In what used to me normal times, this wouldn’t be a big deal as I detailed “bill’s” dishonesty in a subsequent comment.

We aren’t living in “normal” times, and the casual reader may well have interpreted my response as a racist slur. I’m embarrassed by my mistake and apologize for it.

I’ll be more careful in the future. 

As a reminder, here’s my policy on commenters…

This post was triggered by reader D. Gregerson who sent in a comment yesterday about this. I thank D. Gregerson for his comment.

Hey Joe! Great insight as usual. Keep them coming. I do have a question though. As I reviewed the comment section (which has now been closed) I noticed that you replied to someone saying:”unless you are an African American with Alzheimer’s, your website is fake”. Now, one would argue that the statement could be deemed inappropriate and demeaning. Especially considering that the topic at hand was One Call’s financial debacle. Care to expound?


Jul
17

The latest data on opioids in work comp

We’ve just about completed the 16th (!!) Survey of Prescription Drug Management in Workers’ Comp, and there are two key findings you need to know.

First – total opioid spend in 2018 dropped 23.2% across all 27 respondents (ranging from very large TPAs to state funds to insurers to small state-specific payers). The average decrease among respondents was just over 22%.

That dramatic reduction comes on the heels of a 16% reduction from 2016 to 2017, and a 13% decrease in 2016.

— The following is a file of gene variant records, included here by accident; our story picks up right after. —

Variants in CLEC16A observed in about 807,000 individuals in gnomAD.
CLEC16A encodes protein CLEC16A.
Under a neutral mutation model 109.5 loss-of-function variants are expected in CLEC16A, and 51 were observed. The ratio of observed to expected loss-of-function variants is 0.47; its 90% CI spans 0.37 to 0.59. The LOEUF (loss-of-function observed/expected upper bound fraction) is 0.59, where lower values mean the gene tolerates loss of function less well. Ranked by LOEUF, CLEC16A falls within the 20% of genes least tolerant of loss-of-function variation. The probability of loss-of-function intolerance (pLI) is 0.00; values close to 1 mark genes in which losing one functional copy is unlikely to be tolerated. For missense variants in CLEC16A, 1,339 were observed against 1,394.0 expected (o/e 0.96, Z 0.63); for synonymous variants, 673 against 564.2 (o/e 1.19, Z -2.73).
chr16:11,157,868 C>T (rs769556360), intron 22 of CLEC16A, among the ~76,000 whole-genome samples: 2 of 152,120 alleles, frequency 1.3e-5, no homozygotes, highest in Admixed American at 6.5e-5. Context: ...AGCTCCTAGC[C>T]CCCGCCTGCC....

From last year’s Survey; each numbered column denotes a respondent’s results (2019 Report will be out in August)

Over the last few years, payers and PBMs have cut the amount of opioids dispensed to work comp patients by more than half.

While cost reductions are good news for employers and taxpayers, when you talk with payers its mostly about patient safety and return to functionality. Patients taking opioids over long periods aren’t getting better, aren’t going back to work, and most (but not all) are not functioning very well. That means they aren’t the parents, friends, daughters or sons, grandmothers or grandfathers they can or want to be.

Second takeaway: payers are anything but satisfied or complacent. All the 27 people I’ve talked with to date remain focused, committed, and completely engaged in continuing to fight the good fight against overuse of opioids. They’ve asked me what other payers are doing, what they can do differently, what works and what doesn’t.

That’s a great relief. One would understand if payers’ focus was shifting to other issues, now that they’re seeing massive progress in the battle over opioid over-prescribing.

With some exceptions, the knottiest problem remains how to help chronic opioid patients find other ways to handle their pain, to help them function at a higher level even with chronic pain. Payers are very creative and dedicate lots of dollars and time to solving chronic opioid usage. This focus will continue to help patients get better, while reducing costs for employers and taxpayers.